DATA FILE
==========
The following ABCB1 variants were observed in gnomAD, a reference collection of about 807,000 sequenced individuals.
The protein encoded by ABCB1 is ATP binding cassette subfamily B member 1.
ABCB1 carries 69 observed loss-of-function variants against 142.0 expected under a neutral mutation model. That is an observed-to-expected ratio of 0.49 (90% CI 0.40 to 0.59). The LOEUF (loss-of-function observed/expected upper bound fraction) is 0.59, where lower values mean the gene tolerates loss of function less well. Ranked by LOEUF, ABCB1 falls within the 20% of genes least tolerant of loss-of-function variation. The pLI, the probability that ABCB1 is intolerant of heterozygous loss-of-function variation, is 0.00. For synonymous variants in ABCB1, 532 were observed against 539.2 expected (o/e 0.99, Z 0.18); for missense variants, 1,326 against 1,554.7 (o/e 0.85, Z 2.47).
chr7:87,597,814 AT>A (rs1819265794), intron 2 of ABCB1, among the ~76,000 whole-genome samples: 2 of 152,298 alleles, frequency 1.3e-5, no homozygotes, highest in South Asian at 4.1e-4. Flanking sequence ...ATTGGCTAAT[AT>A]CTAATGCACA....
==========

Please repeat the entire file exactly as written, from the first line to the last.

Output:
The following ABCB1 variants were observed in gnomAD, a reference collection of about 807,000 sequenced individuals.
The protein encoded by ABCB1 is ATP binding cassette subfamily B member 1.
ABCB1 carries 69 observed loss-of-function variants against 142.0 expected under a neutral mutation model. That is an observed-to-expected ratio of 0.49 (90% CI 0.40 to 0.59). The LOEUF (loss-of-function observed/expected upper bound fraction) is 0.59, where lower values mean the gene tolerates loss of function less well. Ranked by LOEUF, ABCB1 falls within the 20% of genes least tolerant of loss-of-function variation. The pLI, the probability that ABCB1 is intolerant of heterozygous loss-of-function variation, is 0.00. For synonymous variants in ABCB1, 532 were observed against 539.2 expected (o/e 0.99, Z 0.18); for missense variants, 1,326 against 1,554.7 (o/e 0.85, Z 2.47).
chr7:87,597,814 AT>A (rs1819265794), intron 2 of ABCB1, among the ~76,000 whole-genome samples: 2 of 152,298 alleles, frequency 1.3e-5, no homozygotes, highest in South Asian at 4.1e-4. Flanking sequence ...ATTGGCTAAT[AT>A]CTAATGCACA....